Relationship styles vary widely. Some people are able to keep very engaged and loving, even if it means they openly clash once in a while. Others never really dare to enjoy the intimacy or become comfortable with the wrangling, and are willing to settle for less connection if it means less trouble. My own father, a decent and hardy man born to a tough pioneer life, once defined happiness as “the absence of pain.” He preferred to keep things quiet and simple. And my mother, a vibrant woman from the sophiscated old world, never understood or forgave that of him.
Today, smart couples recognize that some amount of difficulty or conflict is inevitable in relationships. In fact, sometimes a lack of “fighting” is a warning sign that one or both partners are avoiding important concerns that can later surface in a more damaging way. We help couples learn how to identify and negotiate looming issues, communicate without ignoring or escalating, and problem-solve on their own.
But more than any specific issues, the “content” of arguments, a major cause of discord in relationships is the mismatch itself between those who are avoidant of conflict and those who are anxious about the relationship. We specialize in helping with this fundamental concern that couples find difficult to identify or address on their own.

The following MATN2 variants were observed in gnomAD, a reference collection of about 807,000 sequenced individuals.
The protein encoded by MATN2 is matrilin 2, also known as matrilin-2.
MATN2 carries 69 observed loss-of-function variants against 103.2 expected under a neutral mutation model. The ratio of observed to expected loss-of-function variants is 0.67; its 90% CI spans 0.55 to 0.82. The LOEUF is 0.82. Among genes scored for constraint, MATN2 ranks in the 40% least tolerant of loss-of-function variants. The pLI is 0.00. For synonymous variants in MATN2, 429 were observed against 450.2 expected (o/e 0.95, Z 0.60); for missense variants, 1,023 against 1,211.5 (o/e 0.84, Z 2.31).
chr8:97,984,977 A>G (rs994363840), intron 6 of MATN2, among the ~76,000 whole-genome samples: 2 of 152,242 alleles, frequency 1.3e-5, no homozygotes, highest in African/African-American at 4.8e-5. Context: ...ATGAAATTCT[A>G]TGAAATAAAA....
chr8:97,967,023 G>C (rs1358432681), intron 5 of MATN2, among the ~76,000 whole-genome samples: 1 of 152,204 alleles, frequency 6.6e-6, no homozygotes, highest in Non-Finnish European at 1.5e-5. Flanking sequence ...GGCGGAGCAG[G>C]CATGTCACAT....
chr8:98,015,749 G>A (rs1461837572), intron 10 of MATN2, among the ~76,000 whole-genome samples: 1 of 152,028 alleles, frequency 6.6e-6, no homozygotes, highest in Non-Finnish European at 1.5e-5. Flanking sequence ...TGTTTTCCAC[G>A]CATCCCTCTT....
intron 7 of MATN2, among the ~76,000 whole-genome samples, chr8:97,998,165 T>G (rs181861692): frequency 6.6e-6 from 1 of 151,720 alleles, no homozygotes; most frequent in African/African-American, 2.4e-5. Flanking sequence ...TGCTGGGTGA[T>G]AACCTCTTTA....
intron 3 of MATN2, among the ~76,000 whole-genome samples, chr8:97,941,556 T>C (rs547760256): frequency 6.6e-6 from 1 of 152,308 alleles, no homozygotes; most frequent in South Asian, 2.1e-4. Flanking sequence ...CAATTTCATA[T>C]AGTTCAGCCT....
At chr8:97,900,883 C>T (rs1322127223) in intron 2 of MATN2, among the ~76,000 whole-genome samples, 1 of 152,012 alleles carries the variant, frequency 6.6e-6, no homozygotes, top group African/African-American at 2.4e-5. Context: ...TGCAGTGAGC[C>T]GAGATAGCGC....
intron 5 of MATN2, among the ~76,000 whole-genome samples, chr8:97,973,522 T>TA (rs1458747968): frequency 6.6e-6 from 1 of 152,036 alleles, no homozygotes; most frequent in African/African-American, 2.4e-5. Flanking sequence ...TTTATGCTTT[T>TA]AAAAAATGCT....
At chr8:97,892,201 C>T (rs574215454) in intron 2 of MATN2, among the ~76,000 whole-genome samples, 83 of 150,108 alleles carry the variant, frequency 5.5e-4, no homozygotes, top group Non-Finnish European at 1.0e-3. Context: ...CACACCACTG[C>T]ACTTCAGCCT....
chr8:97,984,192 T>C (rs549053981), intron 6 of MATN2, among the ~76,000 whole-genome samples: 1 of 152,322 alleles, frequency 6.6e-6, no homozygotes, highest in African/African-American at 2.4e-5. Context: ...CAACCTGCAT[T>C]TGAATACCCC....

Even if your relationship is not at immediate risk of breaking up, and you can tolerate any disharmony or coolness, those around you do notice. Your family life is the “school of relationships” for your children. They implicitly absorb the home atmosphere and their parents’ manner of relationship as their model of “normal”. If there is any doubt about whether seeing a counselor is necessary, ask yourself whether you would be satisfied if your children had a relationship like yours, or whether it would be worthwhile giving both them and yourselves a happier life. Show them how to do it right.